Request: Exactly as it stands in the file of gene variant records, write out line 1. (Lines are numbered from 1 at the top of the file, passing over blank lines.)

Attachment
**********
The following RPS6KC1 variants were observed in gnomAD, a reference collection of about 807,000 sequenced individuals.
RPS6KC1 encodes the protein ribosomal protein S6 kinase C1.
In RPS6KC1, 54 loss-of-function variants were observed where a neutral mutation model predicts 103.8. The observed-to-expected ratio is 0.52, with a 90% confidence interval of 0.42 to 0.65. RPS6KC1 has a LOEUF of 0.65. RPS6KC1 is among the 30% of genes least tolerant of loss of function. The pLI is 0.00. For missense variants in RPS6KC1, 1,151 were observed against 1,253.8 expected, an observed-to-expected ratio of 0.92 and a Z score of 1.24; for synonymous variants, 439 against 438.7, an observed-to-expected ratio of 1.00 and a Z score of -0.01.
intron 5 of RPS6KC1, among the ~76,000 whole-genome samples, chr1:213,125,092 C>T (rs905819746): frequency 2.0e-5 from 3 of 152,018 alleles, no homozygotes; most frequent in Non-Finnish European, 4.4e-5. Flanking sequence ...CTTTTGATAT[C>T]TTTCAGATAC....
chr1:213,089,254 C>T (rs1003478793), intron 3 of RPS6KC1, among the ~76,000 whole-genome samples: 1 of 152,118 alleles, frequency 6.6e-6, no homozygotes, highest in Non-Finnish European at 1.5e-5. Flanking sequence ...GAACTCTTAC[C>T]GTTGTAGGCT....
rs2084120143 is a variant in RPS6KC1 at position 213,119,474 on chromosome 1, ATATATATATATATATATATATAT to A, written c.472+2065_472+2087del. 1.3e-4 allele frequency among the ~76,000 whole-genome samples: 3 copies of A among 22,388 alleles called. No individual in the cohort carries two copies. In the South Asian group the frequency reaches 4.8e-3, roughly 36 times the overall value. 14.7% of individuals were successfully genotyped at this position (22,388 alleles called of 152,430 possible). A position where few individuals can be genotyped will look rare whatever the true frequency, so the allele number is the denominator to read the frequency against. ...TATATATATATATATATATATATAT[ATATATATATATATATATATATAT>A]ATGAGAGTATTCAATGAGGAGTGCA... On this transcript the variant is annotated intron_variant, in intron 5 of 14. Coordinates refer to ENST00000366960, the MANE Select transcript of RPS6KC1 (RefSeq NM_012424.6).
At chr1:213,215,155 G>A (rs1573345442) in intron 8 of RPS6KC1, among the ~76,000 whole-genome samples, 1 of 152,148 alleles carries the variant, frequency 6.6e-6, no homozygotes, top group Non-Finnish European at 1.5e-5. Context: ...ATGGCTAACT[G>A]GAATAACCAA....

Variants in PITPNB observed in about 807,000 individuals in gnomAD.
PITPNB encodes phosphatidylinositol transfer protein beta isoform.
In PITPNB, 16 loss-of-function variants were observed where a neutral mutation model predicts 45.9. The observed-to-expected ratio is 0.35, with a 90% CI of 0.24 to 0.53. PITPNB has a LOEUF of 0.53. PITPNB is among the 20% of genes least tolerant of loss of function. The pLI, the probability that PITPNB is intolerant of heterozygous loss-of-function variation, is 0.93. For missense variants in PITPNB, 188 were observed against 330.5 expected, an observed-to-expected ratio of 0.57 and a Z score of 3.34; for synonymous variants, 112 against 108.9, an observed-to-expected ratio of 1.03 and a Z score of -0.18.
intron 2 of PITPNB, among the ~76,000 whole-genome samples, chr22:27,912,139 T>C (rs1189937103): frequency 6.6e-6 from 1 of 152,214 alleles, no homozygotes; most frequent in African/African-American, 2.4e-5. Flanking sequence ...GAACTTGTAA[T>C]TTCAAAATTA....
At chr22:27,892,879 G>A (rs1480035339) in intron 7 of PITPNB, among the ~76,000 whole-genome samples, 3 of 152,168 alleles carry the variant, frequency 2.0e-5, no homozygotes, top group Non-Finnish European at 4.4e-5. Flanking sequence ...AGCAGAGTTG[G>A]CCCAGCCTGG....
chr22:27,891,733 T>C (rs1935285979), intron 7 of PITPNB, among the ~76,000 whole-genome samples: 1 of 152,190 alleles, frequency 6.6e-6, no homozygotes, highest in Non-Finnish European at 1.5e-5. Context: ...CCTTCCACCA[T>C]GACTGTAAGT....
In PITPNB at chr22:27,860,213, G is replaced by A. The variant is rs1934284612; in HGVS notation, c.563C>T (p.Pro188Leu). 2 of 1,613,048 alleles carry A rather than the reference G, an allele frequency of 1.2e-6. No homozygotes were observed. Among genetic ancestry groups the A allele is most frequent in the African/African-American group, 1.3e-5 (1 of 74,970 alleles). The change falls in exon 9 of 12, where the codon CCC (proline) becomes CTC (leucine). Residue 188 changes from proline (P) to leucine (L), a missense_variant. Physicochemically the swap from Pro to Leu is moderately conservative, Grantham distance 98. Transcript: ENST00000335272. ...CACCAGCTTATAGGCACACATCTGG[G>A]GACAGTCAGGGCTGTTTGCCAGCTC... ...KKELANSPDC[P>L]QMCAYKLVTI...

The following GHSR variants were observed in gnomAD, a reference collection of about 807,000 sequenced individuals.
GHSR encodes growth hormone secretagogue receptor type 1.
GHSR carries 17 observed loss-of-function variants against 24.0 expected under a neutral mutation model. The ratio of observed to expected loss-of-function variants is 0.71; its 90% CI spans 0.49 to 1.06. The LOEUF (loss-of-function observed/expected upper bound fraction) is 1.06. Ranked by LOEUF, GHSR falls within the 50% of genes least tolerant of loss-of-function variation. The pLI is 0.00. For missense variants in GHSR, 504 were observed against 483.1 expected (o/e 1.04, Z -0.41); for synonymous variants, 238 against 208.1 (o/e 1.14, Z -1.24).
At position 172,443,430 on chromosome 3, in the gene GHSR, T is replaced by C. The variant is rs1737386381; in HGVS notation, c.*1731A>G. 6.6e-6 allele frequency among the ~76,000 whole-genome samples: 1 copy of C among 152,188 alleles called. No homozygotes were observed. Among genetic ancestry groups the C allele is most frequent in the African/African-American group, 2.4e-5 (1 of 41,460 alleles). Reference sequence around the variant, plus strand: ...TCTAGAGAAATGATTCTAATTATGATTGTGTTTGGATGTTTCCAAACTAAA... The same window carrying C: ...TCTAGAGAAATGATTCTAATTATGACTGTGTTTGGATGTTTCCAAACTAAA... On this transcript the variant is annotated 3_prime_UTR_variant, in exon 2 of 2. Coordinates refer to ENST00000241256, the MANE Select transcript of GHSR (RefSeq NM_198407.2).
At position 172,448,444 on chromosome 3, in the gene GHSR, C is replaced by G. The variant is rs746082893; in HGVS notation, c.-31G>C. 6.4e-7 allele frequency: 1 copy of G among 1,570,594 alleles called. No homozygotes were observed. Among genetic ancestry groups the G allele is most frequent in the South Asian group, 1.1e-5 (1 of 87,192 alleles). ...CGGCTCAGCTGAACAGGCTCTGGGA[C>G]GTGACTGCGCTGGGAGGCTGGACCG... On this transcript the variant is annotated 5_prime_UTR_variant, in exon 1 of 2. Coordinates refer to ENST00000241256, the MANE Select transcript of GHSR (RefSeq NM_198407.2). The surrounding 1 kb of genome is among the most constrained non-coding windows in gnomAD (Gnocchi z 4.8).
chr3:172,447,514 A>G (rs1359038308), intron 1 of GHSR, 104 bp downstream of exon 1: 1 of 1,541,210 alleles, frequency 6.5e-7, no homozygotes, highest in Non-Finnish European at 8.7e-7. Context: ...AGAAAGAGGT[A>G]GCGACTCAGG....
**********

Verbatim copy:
The following RPS6KC1 variants were observed in gnomAD, a reference collection of about 807,000 sequenced individuals.